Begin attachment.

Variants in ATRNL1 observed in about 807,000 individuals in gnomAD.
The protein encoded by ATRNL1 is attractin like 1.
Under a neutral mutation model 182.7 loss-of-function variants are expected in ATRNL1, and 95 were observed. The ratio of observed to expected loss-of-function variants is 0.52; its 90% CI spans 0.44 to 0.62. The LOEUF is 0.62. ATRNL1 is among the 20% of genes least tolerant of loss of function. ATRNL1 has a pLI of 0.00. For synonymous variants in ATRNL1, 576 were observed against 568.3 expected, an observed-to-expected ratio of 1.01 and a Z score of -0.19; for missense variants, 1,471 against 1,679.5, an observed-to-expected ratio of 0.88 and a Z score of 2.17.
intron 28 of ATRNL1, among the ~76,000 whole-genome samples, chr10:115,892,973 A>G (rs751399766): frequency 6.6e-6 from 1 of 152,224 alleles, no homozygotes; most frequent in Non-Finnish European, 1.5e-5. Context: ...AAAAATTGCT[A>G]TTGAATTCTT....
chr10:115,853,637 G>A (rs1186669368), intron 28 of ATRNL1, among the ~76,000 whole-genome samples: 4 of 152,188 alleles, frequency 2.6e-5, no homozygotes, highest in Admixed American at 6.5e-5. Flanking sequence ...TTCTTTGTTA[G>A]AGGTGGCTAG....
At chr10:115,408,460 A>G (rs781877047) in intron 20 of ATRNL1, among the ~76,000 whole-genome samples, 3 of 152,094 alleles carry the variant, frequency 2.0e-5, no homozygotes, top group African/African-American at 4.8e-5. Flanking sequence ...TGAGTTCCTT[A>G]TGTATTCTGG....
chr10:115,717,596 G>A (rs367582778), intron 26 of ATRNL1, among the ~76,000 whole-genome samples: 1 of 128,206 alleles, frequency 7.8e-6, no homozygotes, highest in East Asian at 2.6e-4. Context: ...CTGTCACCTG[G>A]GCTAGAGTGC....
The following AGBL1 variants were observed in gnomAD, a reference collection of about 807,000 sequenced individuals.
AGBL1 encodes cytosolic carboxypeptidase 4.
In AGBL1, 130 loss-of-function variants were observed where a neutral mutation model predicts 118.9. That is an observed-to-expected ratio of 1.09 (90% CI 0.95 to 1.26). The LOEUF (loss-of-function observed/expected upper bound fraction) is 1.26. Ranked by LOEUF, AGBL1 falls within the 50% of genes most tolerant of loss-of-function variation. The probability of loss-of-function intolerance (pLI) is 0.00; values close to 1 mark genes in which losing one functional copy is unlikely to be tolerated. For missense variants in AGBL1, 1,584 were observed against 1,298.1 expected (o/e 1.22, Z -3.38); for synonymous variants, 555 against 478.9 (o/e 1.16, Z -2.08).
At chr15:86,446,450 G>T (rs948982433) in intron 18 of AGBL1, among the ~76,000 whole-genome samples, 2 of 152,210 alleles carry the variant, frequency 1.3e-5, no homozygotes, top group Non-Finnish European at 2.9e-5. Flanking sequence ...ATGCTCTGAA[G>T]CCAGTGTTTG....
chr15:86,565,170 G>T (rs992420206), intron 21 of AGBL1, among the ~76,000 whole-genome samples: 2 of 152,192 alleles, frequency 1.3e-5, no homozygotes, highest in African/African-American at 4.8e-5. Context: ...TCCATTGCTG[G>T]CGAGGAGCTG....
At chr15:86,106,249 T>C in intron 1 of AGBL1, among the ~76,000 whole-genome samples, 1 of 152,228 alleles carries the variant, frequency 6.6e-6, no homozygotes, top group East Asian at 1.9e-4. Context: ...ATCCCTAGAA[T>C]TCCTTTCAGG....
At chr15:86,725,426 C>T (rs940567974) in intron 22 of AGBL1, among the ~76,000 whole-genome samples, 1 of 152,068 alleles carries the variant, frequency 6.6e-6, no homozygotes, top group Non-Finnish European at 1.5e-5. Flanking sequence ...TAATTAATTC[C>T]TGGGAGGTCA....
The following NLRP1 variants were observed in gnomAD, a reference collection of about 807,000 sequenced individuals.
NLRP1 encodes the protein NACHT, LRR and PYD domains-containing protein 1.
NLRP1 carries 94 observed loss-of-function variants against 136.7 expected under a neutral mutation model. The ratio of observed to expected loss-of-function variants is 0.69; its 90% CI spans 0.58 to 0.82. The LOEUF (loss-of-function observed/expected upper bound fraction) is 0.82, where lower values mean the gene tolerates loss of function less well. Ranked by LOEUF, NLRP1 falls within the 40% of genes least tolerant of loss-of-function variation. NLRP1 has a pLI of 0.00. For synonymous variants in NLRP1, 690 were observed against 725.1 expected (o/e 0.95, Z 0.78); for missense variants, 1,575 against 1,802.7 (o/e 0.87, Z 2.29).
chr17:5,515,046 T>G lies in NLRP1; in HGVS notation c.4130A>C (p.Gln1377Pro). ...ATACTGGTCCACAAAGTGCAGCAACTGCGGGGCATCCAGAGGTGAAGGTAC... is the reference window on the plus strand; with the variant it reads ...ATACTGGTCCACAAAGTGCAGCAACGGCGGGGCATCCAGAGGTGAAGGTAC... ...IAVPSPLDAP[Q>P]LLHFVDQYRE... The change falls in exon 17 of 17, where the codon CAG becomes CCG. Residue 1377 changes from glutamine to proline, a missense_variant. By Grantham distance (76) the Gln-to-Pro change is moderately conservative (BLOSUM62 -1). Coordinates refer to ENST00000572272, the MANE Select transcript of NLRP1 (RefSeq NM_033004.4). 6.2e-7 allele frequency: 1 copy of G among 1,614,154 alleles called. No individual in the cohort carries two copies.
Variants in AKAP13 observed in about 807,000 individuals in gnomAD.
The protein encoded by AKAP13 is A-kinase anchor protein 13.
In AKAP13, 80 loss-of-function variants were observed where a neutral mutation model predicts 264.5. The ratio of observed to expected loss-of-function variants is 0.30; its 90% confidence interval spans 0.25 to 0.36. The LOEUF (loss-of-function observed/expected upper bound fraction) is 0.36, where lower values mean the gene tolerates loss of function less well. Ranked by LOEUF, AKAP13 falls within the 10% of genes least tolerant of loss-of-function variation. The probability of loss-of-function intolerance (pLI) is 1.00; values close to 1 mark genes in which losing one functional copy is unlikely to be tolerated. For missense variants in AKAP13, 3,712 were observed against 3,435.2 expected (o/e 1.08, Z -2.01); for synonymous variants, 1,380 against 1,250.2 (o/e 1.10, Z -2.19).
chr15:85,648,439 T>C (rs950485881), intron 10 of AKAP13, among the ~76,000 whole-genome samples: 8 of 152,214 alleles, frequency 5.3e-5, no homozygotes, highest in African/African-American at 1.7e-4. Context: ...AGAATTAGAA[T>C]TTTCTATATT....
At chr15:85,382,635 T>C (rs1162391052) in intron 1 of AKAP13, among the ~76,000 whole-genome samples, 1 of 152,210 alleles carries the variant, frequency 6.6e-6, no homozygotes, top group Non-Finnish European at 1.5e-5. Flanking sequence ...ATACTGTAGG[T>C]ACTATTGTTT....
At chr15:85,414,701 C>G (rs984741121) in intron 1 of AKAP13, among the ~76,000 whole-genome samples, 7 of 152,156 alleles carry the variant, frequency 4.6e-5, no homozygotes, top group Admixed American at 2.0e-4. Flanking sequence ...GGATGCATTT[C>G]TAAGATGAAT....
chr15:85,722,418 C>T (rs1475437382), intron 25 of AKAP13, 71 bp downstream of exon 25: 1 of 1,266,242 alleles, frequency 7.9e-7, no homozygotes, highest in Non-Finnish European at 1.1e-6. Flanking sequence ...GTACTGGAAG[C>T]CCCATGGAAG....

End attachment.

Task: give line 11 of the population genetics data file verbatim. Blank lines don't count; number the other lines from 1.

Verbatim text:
At chr15:86,446,450 G>T (rs948982433) in intron 18 of AGBL1, among the ~76,000 whole-genome samples, 2 of 152,210 alleles carry the variant, frequency 1.3e-5, no homozygotes, top group Non-Finnish European at 2.9e-5. Flanking sequence ...ATGCTCTGAA[G>T]CCAGTGTTTG....